Govt's fake news order an attempt to suppress us, say journalists

They also expressed anger at the PCI, NBA and Editors Guild of India for “not being quick” in condemning the government’s move.

e4m by Nishant Saxena
Updated: Apr 4, 2018 9:00 AM

“When the press was asked to bend, it chose to crawl,” veteran Bharatiya Janata Party leader LK Advani had once famously said about the media during the Emergency period. However, yesterday, in a rare moment, the Indian media stood united against the government’s “draconian order” of suspending accreditation of journalists reporting or propagating fake news and compelled Prime Minister Narendra Modi to withdraw the notification within less than 24 hours of its announcement.

On April 2, 2018, the Ministry of Information and Broadcasting issued a press release, issuing guidelines and giving out powers to the Press Council of India (PCI) and News Broadcasters’ Association (NBA) to suspend accreditation of journalists found involved in creating or spreading fake news. The move led to a widespread outrage in the media fraternity, which lashed out at the government for trying to suppress voices critical of it in the name of fake news.

Media Outrage

Such was the media outrage over the issue, that journalists not only criticized the government, but also expressed anger at the PCI, NBA and Editors Guild of India for “not being quick” in condemning the government’s move. Following the severe criticism, the three bodies finally released their statements.

While the Editors Guild of India strongly condemned the “arbitrary” manner contemplated by I&B Ministry to penalize journalists, NBA welcomed both the Prime Minister’s Office’s decision to withdraw the press release and the ministry’s decision to let NBA and PCI “decide all issues relating to fake news”.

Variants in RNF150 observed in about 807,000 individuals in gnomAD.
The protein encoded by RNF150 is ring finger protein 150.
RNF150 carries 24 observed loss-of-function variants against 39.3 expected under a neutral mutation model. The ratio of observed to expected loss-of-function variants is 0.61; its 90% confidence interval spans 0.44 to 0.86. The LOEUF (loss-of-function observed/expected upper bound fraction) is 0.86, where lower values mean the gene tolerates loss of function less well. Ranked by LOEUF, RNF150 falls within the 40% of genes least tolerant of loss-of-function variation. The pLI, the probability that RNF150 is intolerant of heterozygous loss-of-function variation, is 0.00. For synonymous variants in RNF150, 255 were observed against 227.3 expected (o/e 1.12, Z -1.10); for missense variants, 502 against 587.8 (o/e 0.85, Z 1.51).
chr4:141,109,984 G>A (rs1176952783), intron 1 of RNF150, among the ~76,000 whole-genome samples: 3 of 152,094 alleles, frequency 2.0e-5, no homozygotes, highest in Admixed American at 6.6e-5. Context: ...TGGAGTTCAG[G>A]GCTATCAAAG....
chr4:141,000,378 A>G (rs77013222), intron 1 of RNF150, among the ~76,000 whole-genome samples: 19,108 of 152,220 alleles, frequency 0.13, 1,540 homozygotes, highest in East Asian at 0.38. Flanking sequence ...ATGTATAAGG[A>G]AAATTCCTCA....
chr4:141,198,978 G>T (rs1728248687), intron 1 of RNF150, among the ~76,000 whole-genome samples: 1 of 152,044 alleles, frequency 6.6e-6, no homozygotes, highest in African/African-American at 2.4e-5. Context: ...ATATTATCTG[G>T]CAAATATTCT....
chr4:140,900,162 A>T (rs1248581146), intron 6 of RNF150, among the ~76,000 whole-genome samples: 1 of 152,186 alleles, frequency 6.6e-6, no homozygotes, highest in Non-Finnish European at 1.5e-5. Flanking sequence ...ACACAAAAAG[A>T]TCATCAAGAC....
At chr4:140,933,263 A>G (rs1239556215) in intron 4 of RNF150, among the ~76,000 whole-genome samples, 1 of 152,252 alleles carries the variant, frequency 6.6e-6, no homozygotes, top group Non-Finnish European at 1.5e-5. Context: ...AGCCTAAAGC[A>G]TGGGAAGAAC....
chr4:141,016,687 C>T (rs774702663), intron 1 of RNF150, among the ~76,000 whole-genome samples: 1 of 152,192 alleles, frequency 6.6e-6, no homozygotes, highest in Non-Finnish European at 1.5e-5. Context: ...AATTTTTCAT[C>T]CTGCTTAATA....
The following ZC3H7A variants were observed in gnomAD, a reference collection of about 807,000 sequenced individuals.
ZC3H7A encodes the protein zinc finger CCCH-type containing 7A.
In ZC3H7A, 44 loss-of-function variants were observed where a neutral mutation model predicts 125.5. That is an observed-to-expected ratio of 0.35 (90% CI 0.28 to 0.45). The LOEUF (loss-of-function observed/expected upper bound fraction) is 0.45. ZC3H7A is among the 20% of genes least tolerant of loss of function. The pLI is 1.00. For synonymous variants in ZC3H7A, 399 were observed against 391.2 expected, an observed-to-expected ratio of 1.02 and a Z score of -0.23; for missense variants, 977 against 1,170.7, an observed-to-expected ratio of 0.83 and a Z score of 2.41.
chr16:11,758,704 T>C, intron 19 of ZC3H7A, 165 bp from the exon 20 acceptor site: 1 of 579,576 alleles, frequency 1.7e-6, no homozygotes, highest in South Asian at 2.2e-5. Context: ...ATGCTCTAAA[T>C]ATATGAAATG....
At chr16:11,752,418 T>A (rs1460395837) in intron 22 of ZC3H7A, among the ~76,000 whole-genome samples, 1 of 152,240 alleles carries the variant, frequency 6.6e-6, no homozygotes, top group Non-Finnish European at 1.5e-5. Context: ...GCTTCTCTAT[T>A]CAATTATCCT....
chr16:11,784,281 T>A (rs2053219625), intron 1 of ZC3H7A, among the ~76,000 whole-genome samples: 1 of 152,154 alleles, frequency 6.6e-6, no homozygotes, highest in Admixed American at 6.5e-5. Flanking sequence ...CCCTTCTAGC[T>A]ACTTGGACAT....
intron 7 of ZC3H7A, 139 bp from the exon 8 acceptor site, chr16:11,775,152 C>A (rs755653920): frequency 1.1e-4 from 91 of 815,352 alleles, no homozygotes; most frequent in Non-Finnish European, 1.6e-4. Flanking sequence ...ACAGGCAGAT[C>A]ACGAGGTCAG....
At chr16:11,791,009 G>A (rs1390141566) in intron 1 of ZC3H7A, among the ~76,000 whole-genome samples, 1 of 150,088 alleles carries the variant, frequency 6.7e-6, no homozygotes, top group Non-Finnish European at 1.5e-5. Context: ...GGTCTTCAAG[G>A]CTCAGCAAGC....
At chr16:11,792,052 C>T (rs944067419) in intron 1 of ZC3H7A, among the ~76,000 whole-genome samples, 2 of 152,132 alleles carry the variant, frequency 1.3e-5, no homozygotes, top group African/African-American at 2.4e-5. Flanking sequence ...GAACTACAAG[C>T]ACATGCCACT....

Senior journalist Rajdeep Sardesai, while speaking at the Press Club of India, warned the media fraternity and said that this was only an attempt by the government “to test the waters.”

“If you look what the circular was, it was purely mala fide, both in law and content,” Sardesai said, adding that it was a poorly drafted circular as neither the PCI (which is formed by an act of the Parliament), nor NBA (which is a voluntary body), were authorized to suspend accreditation of journalists.

Ravish Kumar of NDTV, while asking the government about the actions it plans to take against the ministers who spread fake news, said, “In the name of fake news, the government is trying to suppress media personnel.”

Kumar said that this will ultimately be people’s loss and urged journalists to inform people about how much effort the government is putting in to keep them uninformed.

Similarly, Vinod Sharma, Hindustan Times, while re-introducing journalists to an “old truth”, said, “There is a lot of pressure on media houses through other routes which determine editorial policy, let us not lose sight of that.”

While questioning the independence and neutrality of PCI, The Editors Guild said that its “nominees to the Council were disallowed on technical grounds.”

“Also, the recent reconstitution of the Central Press Accreditation Committee has raised questions over the non-transparent processes being followed by the I&B Ministry as the Guild’s application was ignored,” it further said.